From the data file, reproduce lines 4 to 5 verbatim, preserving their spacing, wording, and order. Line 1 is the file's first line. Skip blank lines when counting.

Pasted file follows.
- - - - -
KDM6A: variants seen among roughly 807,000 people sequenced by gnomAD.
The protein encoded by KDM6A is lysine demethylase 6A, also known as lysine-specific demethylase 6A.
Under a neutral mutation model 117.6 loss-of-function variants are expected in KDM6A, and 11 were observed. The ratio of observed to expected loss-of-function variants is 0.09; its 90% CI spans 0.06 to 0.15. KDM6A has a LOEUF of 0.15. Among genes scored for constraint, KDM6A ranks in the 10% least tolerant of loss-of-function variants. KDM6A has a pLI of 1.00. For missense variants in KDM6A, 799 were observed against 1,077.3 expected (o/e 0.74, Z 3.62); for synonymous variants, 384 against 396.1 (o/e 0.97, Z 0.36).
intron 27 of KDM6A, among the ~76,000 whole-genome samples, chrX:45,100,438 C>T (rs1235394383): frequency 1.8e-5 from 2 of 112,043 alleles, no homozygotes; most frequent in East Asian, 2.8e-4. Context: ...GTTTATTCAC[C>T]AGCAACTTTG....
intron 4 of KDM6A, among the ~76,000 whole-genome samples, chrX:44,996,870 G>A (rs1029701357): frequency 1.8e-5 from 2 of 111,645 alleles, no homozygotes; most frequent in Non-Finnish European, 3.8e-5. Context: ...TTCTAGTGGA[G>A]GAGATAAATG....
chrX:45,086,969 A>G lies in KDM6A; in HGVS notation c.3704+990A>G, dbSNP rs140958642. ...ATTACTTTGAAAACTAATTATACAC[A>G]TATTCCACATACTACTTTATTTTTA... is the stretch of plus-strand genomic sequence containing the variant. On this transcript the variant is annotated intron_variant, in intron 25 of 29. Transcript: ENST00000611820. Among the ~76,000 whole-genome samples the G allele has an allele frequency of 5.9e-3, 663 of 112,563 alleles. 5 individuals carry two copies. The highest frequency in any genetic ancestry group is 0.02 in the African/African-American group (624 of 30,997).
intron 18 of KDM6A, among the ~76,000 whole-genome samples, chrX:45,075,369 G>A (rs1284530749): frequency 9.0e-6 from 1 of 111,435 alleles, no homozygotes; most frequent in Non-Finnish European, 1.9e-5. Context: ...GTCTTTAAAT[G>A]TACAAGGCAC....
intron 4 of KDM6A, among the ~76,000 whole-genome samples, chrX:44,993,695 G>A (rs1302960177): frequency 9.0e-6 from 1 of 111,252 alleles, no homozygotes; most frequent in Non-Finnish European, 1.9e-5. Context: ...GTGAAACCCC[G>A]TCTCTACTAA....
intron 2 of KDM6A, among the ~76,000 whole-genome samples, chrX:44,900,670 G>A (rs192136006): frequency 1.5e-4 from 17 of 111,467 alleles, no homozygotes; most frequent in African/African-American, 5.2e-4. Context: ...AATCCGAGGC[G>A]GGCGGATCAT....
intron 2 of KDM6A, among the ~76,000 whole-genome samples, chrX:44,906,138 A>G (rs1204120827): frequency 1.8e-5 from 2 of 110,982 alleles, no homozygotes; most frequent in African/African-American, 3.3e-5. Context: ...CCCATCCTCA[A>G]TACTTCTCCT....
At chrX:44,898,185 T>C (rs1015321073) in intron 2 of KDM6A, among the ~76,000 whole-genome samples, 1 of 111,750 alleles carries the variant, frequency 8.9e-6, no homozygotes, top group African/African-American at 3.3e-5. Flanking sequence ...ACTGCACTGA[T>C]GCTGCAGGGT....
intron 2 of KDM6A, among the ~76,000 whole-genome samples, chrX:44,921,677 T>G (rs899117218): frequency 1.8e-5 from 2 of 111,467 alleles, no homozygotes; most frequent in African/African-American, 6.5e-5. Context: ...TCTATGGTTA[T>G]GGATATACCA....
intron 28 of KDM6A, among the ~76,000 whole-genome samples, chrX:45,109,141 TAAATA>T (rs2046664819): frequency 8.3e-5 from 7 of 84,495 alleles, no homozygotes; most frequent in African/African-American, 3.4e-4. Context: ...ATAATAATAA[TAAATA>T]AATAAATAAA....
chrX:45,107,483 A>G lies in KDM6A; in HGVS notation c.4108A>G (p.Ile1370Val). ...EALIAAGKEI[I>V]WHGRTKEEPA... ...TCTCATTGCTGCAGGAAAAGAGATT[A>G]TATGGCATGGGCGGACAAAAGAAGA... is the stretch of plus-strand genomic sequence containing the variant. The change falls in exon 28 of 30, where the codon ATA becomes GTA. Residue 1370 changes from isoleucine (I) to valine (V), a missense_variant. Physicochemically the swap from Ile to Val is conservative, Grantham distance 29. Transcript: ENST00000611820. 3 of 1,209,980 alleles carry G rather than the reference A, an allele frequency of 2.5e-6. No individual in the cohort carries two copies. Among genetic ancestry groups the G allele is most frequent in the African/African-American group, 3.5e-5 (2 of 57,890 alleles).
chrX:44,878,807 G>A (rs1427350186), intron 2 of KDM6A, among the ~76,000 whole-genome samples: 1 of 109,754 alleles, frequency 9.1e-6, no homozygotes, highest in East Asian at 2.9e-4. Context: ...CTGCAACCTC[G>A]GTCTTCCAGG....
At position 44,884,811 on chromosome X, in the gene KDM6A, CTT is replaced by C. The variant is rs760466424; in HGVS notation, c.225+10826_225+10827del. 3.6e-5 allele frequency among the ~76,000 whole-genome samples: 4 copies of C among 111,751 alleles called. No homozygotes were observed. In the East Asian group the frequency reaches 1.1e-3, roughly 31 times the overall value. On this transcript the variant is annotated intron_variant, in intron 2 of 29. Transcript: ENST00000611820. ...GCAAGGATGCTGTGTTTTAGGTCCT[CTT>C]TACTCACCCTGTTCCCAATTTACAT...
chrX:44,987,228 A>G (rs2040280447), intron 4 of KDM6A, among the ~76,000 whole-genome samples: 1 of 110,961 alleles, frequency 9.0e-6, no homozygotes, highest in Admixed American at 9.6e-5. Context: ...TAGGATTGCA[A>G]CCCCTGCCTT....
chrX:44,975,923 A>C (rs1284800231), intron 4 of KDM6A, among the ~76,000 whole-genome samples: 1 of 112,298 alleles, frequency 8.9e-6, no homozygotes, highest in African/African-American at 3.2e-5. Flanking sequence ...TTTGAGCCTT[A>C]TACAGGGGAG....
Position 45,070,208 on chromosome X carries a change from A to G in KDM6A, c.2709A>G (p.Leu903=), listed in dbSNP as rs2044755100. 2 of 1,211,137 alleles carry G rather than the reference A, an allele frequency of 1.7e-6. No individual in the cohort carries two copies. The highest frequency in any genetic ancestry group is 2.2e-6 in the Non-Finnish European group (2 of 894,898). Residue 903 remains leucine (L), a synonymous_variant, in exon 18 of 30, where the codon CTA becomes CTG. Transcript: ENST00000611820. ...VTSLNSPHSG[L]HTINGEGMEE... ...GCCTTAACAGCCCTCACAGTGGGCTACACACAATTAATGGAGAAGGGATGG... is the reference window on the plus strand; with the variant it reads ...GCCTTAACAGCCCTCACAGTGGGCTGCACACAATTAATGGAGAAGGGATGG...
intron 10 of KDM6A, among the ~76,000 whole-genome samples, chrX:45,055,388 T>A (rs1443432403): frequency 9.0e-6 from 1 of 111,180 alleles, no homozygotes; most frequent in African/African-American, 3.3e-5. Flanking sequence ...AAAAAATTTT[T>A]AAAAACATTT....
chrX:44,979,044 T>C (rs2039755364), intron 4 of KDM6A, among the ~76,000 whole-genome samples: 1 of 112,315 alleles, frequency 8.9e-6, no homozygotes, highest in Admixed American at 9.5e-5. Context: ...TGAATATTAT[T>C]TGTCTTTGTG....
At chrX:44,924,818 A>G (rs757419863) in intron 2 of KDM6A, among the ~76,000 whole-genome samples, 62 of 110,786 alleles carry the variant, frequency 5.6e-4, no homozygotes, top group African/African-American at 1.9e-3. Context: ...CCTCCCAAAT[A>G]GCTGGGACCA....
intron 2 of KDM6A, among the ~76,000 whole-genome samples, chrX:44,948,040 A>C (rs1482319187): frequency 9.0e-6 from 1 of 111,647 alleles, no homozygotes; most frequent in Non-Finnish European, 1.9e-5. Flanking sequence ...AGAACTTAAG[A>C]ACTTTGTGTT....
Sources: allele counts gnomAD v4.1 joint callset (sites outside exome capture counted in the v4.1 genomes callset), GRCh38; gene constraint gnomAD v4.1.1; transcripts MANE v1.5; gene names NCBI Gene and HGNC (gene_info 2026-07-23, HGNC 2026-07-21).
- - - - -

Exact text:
intron 27 of KDM6A, among the ~76,000 whole-genome samples, chrX:45,100,438 C>T (rs1235394383): frequency 1.8e-5 from 2 of 112,043 alleles, no homozygotes; most frequent in East Asian, 2.8e-4. Context: ...GTTTATTCAC[C>T]AGCAACTTTG....
intron 4 of KDM6A, among the ~76,000 whole-genome samples, chrX:44,996,870 G>A (rs1029701357): frequency 1.8e-5 from 2 of 111,645 alleles, no homozygotes; most frequent in Non-Finnish European, 3.8e-5. Context: ...TTCTAGTGGA[G>A]GAGATAAATG....